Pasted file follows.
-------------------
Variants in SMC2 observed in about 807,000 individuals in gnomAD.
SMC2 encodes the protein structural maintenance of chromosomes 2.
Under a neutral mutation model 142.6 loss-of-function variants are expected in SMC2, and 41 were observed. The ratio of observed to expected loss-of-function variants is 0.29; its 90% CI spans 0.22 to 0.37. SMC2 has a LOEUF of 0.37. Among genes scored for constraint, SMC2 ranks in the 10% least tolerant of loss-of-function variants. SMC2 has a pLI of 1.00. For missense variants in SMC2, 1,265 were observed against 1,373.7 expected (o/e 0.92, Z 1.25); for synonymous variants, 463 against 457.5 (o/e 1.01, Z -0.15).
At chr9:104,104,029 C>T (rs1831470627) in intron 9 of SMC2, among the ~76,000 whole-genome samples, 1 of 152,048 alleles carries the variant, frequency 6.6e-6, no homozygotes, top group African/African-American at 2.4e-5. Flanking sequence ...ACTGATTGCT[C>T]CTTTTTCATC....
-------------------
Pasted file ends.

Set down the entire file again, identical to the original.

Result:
Variants in SMC2 observed in about 807,000 individuals in gnomAD.
SMC2 encodes the protein structural maintenance of chromosomes 2.
Under a neutral mutation model 142.6 loss-of-function variants are expected in SMC2, and 41 were observed. The ratio of observed to expected loss-of-function variants is 0.29; its 90% CI spans 0.22 to 0.37. SMC2 has a LOEUF of 0.37. Among genes scored for constraint, SMC2 ranks in the 10% least tolerant of loss-of-function variants. SMC2 has a pLI of 1.00. For missense variants in SMC2, 1,265 were observed against 1,373.7 expected (o/e 0.92, Z 1.25); for synonymous variants, 463 against 457.5 (o/e 1.01, Z -0.15).
At chr9:104,104,029 C>T (rs1831470627) in intron 9 of SMC2, among the ~76,000 whole-genome samples, 1 of 152,048 alleles carries the variant, frequency 6.6e-6, no homozygotes, top group African/African-American at 2.4e-5. Flanking sequence ...ACTGATTGCT[C>T]CTTTTTCATC....